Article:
Futureful’s Predictive Discovery Engine Gets New Interface, Expands From iPad To iPhone

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Helsinki, Finland-based smarter web surfing startup Futureful, which launched in the U.S. on iPad back in January — and is best described as a predictive discovery engine (rather than a traditional web browser) — has extended its reach, launching onto the iPhone with a global app. The startup has raised around $1.5 million to-date. Its main investor is Skype (and Kazaa) co-founder Janus Friis.

The earlier U.S.- and iPad-only launch was a “test-run”, says co-founder Jarno Koponen, aimed at seeing how its machine learning tech managed out in the wild. It also wanted to see how users took to its interface/UX — which dispenses with URL bars, and other traditional browsing paraphernalia, to focus on encouraging curiosity and serendipity. As part of that test run, Futureful has now updated its interface — dispensing with the original discovery ticker and opting for a new bubbles-based browsing mechanism instead.

The new interface — introduced in the iPhone app but also now pushed out to the iPad app too — focuses on dynamic browsing bubbles which contain topic words, and are used to bubble content up at the user. The user taps on a bubble to dive into a particular topic, bringing in a swarm of related bubbles. So, for instance, a bubble containing the word futureful‘surveillance’ might (currently) bring up others containing the words ‘NSA’ and ‘Edward Snowden’.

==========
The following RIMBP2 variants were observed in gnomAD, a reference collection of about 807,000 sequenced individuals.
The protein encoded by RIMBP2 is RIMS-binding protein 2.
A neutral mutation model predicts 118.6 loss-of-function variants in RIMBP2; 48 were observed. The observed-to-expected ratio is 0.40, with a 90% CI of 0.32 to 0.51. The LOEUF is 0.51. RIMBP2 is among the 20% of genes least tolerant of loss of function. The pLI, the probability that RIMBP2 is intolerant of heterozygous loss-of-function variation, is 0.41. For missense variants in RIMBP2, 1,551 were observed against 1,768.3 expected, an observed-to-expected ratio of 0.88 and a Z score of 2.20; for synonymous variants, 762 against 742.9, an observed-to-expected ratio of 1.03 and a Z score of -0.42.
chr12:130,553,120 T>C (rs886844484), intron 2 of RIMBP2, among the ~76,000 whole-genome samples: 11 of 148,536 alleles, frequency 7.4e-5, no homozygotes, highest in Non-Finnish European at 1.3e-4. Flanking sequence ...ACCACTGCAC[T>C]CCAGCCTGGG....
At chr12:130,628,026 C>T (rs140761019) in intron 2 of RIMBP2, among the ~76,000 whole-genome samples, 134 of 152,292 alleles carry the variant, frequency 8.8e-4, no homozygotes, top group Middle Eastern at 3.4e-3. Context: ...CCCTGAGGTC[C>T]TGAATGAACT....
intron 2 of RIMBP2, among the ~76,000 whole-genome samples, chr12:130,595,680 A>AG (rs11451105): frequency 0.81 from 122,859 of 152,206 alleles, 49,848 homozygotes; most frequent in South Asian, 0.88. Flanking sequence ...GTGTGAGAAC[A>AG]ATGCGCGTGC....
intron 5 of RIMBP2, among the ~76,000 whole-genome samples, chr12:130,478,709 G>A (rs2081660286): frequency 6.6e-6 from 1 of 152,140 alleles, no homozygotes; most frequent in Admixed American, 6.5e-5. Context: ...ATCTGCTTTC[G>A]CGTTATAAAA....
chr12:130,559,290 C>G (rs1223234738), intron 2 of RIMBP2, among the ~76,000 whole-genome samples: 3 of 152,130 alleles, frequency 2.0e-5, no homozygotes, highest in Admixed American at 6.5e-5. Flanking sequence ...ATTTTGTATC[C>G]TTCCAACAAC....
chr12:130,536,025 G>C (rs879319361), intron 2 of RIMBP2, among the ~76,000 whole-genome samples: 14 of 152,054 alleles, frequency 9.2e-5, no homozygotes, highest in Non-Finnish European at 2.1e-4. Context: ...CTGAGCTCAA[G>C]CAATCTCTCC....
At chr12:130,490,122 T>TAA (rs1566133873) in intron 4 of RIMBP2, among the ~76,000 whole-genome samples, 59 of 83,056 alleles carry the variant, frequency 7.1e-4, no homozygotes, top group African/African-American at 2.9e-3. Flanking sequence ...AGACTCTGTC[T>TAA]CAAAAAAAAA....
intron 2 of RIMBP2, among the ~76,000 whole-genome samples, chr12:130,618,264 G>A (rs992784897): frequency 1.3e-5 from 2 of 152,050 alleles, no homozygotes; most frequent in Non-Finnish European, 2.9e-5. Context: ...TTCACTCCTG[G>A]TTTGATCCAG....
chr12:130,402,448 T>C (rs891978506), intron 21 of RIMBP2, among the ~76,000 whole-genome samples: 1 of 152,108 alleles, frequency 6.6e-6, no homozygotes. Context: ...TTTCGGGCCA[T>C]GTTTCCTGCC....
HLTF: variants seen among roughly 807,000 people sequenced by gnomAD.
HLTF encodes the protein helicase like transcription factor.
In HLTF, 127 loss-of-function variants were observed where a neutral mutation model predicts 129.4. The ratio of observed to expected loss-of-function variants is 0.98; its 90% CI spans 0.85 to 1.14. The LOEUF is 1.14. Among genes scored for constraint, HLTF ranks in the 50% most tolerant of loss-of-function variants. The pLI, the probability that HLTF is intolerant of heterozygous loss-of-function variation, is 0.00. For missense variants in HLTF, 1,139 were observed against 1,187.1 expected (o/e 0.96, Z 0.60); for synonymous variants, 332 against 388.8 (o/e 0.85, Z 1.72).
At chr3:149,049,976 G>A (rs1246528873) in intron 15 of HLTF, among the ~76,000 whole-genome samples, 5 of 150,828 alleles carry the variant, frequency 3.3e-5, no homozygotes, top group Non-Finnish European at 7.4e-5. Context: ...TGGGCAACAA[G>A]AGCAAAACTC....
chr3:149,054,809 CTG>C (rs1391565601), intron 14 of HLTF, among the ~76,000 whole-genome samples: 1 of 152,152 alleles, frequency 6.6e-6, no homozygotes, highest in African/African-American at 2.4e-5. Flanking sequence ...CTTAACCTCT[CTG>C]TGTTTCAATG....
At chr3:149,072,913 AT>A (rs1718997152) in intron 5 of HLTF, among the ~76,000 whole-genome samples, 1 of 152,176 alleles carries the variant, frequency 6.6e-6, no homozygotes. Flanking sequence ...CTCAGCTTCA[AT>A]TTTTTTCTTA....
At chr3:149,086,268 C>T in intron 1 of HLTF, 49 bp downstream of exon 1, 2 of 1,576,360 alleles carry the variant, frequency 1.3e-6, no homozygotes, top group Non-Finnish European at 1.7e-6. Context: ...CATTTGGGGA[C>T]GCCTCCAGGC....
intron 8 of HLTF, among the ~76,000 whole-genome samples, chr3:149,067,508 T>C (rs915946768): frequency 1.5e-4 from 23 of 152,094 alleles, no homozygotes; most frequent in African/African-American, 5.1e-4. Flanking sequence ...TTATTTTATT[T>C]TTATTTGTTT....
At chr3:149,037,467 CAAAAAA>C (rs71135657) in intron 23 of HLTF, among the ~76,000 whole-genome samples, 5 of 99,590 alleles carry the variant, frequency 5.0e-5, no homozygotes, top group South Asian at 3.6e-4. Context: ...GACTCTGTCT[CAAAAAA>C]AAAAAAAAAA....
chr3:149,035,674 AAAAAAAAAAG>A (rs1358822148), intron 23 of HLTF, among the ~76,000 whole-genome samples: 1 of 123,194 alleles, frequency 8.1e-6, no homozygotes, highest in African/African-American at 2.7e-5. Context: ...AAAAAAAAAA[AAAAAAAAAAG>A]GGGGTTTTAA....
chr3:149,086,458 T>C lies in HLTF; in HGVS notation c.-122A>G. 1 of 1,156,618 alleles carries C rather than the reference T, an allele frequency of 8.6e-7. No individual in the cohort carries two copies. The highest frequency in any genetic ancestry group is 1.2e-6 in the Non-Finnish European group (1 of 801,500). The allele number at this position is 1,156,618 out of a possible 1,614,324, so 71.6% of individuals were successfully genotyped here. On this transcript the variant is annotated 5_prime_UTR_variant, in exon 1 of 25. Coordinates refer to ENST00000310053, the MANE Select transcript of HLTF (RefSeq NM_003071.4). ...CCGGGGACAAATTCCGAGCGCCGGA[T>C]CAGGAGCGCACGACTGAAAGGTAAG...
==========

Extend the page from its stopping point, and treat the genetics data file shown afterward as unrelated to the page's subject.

In-topic bubbles can then be combined to make a search even more specific — effectively creating a visual version of the ‘+’ search engine function, while also giving the user visual cues about relevant addition terms to incorporate into their search. Articles that match the current search combination/bubble conglomeration appear at the bottom of the iPhone app, accessible via a swipe.

“Bubbles provide a way to freely explore things, you can choose one particular thing or you can combine it with something. There’s no linear connection but the connection that every individual sees. And every individual sees different connections even in the same set of topics,” says Koponen, explaining the thinking behind the design. “Also, the experience is peaceful. You can do things in your own time. Pick up things where you left them but at the same time be sure that there’s something new for you. You never end up in the same place twice.”

It’s not the first time I’ve seen bubbles as a visual method to encourage discovery. For instance, back in April, vitamin and health food online retailer Vitacost launched a tablet-optimised website for the iPad and iPad Mini that included “browsing bubbles” to displayed related info and products to encourage online shoppers to discover new things as they browse.

Futureful’s bubbles are more sophisticated than Vitacost’s, being as they can be combined in different ways, but it’s interesting to see the same visual metaphor cropping up when the underlying aim is to introduce more serendipity into the digital sphere. The filter bubble concept — which argues that traditional search engines are narrowing a user’s view of information online because search results become increasingly tailored to their past and social preferences — is doubtless informing design here.